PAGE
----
FWC presents renovated offshore vessel to public
Monday, December 13, 2010
Media contact: Katie Purcell, 850-459-6585
The Florida Fish and Wildlife Conservation
Commission (FWC) hosted an open house Dec. 10 at the Carrabelle
City Marina for guests to see the newly renovated Gulf Sentry, an
85-foot, aluminum vessel.
The vessel was ceremonially christened on Aug. 17
in Dania Beach and recently arrived in Carrabelle for duty. The
vessel and its captain, Lt. Scott Pearce, will patrol the waters of
the Gulf of Mexico, focusing on resource protection, public safety
and boating-regulation enforcement.
Members of the Franklin County community attended
the open house, as did numerous law enforcement officials, retired
captains Early Whaley and Richard Miller, who captained the vessel
before its renovations, and members of the media.
After a brief ceremony, guests received a tour of
the vessel and were taken for a ride.
"While the captain and crew for this vessel are FWC
staff," Col. Jim Brown, director of the FWC's Division of Law
Enforcement, said at the ceremony, "she truly belongs to all of the
people of the state of Florida."
The Gulf Sentry was originally manufactured in 1968
for the U.S. Air Force and was used as a missile-retriever until
1994. The National Oceanic and Atmospheric Administration used it
next and eventually loaned the vessel to the FWC, which performed
federal fisheries enforcement and search-and-rescue missions with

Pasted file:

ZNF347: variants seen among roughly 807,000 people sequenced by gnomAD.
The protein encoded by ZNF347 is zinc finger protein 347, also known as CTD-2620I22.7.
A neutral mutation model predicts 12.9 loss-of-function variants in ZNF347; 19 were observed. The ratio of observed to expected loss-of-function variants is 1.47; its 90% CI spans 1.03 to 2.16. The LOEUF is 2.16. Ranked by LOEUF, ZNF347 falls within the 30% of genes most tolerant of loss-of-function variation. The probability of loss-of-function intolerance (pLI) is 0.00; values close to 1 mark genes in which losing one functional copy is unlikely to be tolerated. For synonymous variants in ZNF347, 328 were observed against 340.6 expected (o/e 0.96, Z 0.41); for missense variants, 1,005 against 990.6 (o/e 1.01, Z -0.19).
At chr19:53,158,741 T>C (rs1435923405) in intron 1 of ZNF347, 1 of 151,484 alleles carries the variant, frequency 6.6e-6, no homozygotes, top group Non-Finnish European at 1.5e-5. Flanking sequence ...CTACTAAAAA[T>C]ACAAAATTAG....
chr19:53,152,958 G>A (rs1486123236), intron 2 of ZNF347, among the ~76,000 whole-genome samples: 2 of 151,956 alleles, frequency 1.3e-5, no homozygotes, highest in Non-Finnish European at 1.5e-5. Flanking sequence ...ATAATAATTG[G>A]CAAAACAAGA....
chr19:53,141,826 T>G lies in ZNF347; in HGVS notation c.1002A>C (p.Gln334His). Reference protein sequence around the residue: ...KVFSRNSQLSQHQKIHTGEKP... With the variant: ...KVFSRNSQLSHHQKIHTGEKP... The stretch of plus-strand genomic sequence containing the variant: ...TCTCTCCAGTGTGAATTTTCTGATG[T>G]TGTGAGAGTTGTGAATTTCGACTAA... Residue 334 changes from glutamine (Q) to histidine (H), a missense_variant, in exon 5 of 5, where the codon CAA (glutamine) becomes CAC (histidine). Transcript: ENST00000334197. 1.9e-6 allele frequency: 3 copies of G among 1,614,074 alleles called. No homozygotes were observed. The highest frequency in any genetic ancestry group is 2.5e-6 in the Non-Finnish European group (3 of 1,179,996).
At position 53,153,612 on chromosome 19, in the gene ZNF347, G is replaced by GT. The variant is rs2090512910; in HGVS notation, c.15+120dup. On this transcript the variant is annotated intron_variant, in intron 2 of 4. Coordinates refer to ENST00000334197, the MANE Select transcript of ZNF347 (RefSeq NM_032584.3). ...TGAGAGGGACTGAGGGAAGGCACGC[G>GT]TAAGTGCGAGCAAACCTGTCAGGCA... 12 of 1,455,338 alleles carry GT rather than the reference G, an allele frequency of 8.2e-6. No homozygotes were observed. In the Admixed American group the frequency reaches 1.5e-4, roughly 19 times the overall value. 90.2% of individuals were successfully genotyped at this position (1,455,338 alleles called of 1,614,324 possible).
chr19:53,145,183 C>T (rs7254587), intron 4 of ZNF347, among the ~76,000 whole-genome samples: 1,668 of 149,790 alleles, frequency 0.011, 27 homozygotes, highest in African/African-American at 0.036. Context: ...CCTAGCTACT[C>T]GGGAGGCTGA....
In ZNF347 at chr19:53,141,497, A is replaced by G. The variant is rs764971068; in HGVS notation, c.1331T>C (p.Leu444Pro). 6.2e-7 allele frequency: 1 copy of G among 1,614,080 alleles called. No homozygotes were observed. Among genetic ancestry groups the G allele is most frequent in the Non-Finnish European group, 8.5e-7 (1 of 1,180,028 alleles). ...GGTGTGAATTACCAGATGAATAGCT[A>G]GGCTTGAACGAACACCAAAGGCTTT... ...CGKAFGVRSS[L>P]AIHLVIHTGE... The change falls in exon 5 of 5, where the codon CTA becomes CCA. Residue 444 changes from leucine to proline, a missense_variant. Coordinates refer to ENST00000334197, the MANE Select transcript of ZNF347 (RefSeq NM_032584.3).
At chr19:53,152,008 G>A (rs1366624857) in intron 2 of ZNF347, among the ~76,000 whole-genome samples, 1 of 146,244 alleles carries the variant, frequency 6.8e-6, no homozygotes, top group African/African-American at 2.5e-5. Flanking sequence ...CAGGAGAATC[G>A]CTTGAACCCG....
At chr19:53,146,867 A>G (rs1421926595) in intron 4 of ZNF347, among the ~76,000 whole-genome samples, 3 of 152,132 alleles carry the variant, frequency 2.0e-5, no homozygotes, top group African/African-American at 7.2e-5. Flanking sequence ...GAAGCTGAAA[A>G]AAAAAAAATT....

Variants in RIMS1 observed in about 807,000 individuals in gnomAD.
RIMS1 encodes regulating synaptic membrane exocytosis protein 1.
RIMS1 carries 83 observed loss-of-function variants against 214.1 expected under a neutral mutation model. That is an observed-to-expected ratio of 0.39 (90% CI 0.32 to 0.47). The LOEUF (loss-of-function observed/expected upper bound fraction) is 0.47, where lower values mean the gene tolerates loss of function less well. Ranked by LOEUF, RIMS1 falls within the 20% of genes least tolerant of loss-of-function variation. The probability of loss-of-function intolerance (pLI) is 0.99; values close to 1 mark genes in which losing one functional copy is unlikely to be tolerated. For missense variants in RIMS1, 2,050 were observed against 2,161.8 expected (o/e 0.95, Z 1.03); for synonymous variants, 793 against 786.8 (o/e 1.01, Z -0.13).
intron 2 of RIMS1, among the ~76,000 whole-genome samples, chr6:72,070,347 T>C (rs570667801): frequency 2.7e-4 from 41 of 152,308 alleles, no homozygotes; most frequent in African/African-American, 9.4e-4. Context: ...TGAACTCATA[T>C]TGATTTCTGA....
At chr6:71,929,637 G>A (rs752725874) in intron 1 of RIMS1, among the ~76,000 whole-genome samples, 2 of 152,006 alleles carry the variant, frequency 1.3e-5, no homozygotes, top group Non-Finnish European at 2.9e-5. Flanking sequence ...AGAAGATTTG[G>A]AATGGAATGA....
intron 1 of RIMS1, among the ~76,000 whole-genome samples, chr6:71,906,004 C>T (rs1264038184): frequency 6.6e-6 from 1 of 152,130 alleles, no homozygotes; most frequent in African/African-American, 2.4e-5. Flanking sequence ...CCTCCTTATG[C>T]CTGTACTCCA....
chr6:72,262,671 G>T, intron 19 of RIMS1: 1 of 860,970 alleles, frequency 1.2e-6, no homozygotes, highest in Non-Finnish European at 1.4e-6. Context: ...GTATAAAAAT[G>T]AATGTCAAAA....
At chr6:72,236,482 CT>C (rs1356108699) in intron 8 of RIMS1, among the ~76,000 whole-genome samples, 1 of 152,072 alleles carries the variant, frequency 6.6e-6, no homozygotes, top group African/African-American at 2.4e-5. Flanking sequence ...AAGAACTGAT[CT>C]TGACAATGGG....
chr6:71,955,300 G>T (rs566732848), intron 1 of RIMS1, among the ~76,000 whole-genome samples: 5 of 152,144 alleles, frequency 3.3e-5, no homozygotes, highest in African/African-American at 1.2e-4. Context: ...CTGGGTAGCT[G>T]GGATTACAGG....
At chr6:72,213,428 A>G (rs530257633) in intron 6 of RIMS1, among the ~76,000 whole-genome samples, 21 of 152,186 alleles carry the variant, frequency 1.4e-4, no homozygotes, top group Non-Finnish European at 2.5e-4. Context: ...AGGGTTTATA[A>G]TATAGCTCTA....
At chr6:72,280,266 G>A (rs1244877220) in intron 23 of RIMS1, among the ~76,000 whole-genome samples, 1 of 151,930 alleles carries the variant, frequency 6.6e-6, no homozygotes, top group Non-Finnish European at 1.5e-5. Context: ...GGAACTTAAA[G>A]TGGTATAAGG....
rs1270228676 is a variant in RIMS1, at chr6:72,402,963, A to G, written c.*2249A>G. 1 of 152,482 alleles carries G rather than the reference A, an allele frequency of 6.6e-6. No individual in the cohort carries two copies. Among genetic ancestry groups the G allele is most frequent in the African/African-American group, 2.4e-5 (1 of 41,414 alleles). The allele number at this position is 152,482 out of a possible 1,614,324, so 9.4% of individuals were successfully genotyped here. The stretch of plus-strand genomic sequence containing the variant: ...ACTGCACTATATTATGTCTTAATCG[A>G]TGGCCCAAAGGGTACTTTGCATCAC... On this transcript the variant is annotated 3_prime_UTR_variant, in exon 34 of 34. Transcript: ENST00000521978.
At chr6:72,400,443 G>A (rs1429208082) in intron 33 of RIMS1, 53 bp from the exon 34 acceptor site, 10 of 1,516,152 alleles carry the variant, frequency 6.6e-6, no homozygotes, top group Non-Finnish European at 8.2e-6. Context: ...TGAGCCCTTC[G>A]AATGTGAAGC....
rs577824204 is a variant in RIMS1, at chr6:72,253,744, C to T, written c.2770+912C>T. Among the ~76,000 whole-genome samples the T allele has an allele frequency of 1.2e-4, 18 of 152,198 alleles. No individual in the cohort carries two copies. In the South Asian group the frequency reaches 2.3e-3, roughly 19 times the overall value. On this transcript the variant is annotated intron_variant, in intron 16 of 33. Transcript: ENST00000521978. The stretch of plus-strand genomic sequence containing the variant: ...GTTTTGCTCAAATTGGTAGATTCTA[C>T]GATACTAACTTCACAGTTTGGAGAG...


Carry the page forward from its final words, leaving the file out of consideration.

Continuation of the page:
it for the next 14 years.
After many years of service as the JJ Brown, the
vessel needed extensive repairs to remain operational. In 2008, the
vessel was fully transferred to the FWC, and Joint Enforcement
Agreement funding was acquired for a major overhaul.
The restoration project was awarded to the
Derecktor of Florida shipyard in Dania. The boat, now named the
Gulf Sentry, has a new bottom, engines, electrical and plumbing
work, berthing area, galley and improved pilot house. There are
also numerous "green" features incorporated into the new design.
These include C32 ACERT engines that meet tier-two emission
regulations, meaning they produce no smoke and have better fuel
economy. They also feature air-driven hydraulic systems, which
prevent potential loss of oils. Recycled materials were used in
construction of cabin interiors; a fuel-fill system was designed to
eliminate fuel spills during fill-ups; and the shaft angles,
rudders and bottom were redesigned to increase efficiency.
"The vessel has undergone a complete renovation,"
Brown said. "She is now environmentally friendly and perfectly
equipped for patrolling Florida's waters and protecting its
valuable natural resources and people."
From its port in Carrabelle, the vessel will
operate primarily between St. Marks and Pensacola, out to 200 miles
The Gulf Sentry is one of the FWC's Heavy Endurance
Class offshore patrol vessels, capable of extended patrol in
offshore areas during varying weather conditions. They range from
50 to 85 feet in length and have unique berthing, support
facilities and equipment to enable them to operate on multi-day
missions without returning to port.
"These vessels aid in our core missions - resource
protection, public safety and boating-regulation enforcement,"
Brown said. "Additionally, the vessels and their crews provide the
state with a valuable service, as they are often the only law
enforcement asset on patrol in offshore waters," he said.